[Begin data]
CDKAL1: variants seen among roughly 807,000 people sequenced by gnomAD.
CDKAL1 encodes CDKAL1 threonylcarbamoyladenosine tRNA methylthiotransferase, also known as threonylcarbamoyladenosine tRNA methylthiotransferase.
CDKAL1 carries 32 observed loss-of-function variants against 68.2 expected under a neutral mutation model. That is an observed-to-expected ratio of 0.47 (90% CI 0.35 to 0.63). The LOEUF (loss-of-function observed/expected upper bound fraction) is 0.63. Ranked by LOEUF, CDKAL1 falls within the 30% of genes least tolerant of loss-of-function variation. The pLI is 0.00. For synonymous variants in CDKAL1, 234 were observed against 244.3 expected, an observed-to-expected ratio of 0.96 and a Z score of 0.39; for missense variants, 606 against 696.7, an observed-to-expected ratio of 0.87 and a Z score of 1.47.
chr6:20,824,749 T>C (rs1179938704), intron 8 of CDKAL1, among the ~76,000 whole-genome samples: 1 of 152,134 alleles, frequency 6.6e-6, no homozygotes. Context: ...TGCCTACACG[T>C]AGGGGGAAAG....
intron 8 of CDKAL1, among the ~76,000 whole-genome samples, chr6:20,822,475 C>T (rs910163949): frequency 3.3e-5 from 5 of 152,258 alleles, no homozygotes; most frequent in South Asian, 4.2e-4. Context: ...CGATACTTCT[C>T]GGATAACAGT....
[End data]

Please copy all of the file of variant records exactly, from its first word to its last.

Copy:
CDKAL1: variants seen among roughly 807,000 people sequenced by gnomAD.
CDKAL1 encodes CDKAL1 threonylcarbamoyladenosine tRNA methylthiotransferase, also known as threonylcarbamoyladenosine tRNA methylthiotransferase.
CDKAL1 carries 32 observed loss-of-function variants against 68.2 expected under a neutral mutation model. That is an observed-to-expected ratio of 0.47 (90% CI 0.35 to 0.63). The LOEUF (loss-of-function observed/expected upper bound fraction) is 0.63. Ranked by LOEUF, CDKAL1 falls within the 30% of genes least tolerant of loss-of-function variation. The pLI is 0.00. For synonymous variants in CDKAL1, 234 were observed against 244.3 expected, an observed-to-expected ratio of 0.96 and a Z score of 0.39; for missense variants, 606 against 696.7, an observed-to-expected ratio of 0.87 and a Z score of 1.47.
chr6:20,824,749 T>C (rs1179938704), intron 8 of CDKAL1, among the ~76,000 whole-genome samples: 1 of 152,134 alleles, frequency 6.6e-6, no homozygotes. Context: ...TGCCTACACG[T>C]AGGGGGAAAG....
intron 8 of CDKAL1, among the ~76,000 whole-genome samples, chr6:20,822,475 C>T (rs910163949): frequency 3.3e-5 from 5 of 152,258 alleles, no homozygotes; most frequent in South Asian, 4.2e-4. Context: ...CGATACTTCT[C>T]GGATAACAGT....